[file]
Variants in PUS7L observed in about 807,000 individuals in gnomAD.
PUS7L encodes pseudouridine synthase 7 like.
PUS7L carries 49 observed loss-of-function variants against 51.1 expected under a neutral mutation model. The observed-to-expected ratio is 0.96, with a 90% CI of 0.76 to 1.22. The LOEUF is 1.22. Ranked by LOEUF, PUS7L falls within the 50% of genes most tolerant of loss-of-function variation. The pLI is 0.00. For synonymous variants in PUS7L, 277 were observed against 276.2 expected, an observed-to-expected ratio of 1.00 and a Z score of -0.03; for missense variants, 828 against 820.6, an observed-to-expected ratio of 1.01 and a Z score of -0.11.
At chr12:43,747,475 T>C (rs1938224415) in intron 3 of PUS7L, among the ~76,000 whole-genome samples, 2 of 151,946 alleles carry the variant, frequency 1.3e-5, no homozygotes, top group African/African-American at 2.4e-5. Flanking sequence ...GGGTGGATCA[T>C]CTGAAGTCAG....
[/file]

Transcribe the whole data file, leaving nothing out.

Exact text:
Variants in PUS7L observed in about 807,000 individuals in gnomAD.
PUS7L encodes pseudouridine synthase 7 like.
PUS7L carries 49 observed loss-of-function variants against 51.1 expected under a neutral mutation model. The observed-to-expected ratio is 0.96, with a 90% CI of 0.76 to 1.22. The LOEUF is 1.22. Ranked by LOEUF, PUS7L falls within the 50% of genes most tolerant of loss-of-function variation. The pLI is 0.00. For synonymous variants in PUS7L, 277 were observed against 276.2 expected, an observed-to-expected ratio of 1.00 and a Z score of -0.03; for missense variants, 828 against 820.6, an observed-to-expected ratio of 1.01 and a Z score of -0.11.
At chr12:43,747,475 T>C (rs1938224415) in intron 3 of PUS7L, among the ~76,000 whole-genome samples, 2 of 151,946 alleles carry the variant, frequency 1.3e-5, no homozygotes, top group African/African-American at 2.4e-5. Flanking sequence ...GGGTGGATCA[T>C]CTGAAGTCAG....